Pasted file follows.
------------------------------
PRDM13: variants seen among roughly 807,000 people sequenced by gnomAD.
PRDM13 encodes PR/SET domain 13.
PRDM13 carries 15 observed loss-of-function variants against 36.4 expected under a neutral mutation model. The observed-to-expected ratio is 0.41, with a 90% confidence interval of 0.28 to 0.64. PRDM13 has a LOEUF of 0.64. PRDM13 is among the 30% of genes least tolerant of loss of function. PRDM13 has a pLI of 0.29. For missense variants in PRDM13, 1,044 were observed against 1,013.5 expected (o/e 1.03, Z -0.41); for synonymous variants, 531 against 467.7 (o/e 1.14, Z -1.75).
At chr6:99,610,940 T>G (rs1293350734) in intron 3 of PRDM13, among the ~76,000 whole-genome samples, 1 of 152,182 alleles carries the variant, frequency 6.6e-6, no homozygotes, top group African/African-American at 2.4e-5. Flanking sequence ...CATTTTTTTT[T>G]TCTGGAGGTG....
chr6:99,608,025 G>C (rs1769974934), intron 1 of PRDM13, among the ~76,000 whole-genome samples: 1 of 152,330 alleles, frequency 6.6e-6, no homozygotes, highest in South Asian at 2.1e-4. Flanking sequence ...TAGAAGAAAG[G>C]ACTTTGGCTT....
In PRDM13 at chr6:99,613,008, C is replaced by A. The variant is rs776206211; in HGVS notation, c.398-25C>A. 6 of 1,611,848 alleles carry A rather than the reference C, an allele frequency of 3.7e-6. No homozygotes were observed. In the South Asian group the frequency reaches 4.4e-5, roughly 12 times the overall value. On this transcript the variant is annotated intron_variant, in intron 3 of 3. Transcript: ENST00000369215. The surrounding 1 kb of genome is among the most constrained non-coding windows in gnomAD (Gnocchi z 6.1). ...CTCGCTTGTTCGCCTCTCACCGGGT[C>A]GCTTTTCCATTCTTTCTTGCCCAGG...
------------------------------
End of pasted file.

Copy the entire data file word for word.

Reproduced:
PRDM13: variants seen among roughly 807,000 people sequenced by gnomAD.
PRDM13 encodes PR/SET domain 13.
PRDM13 carries 15 observed loss-of-function variants against 36.4 expected under a neutral mutation model. The observed-to-expected ratio is 0.41, with a 90% confidence interval of 0.28 to 0.64. PRDM13 has a LOEUF of 0.64. PRDM13 is among the 30% of genes least tolerant of loss of function. PRDM13 has a pLI of 0.29. For missense variants in PRDM13, 1,044 were observed against 1,013.5 expected (o/e 1.03, Z -0.41); for synonymous variants, 531 against 467.7 (o/e 1.14, Z -1.75).
At chr6:99,610,940 T>G (rs1293350734) in intron 3 of PRDM13, among the ~76,000 whole-genome samples, 1 of 152,182 alleles carries the variant, frequency 6.6e-6, no homozygotes, top group African/African-American at 2.4e-5. Flanking sequence ...CATTTTTTTT[T>G]TCTGGAGGTG....
chr6:99,608,025 G>C (rs1769974934), intron 1 of PRDM13, among the ~76,000 whole-genome samples: 1 of 152,330 alleles, frequency 6.6e-6, no homozygotes, highest in South Asian at 2.1e-4. Flanking sequence ...TAGAAGAAAG[G>C]ACTTTGGCTT....
In PRDM13 at chr6:99,613,008, C is replaced by A. The variant is rs776206211; in HGVS notation, c.398-25C>A. 6 of 1,611,848 alleles carry A rather than the reference C, an allele frequency of 3.7e-6. No homozygotes were observed. In the South Asian group the frequency reaches 4.4e-5, roughly 12 times the overall value. On this transcript the variant is annotated intron_variant, in intron 3 of 3. Transcript: ENST00000369215. The surrounding 1 kb of genome is among the most constrained non-coding windows in gnomAD (Gnocchi z 6.1). ...CTCGCTTGTTCGCCTCTCACCGGGT[C>A]GCTTTTCCATTCTTTCTTGCCCAGG...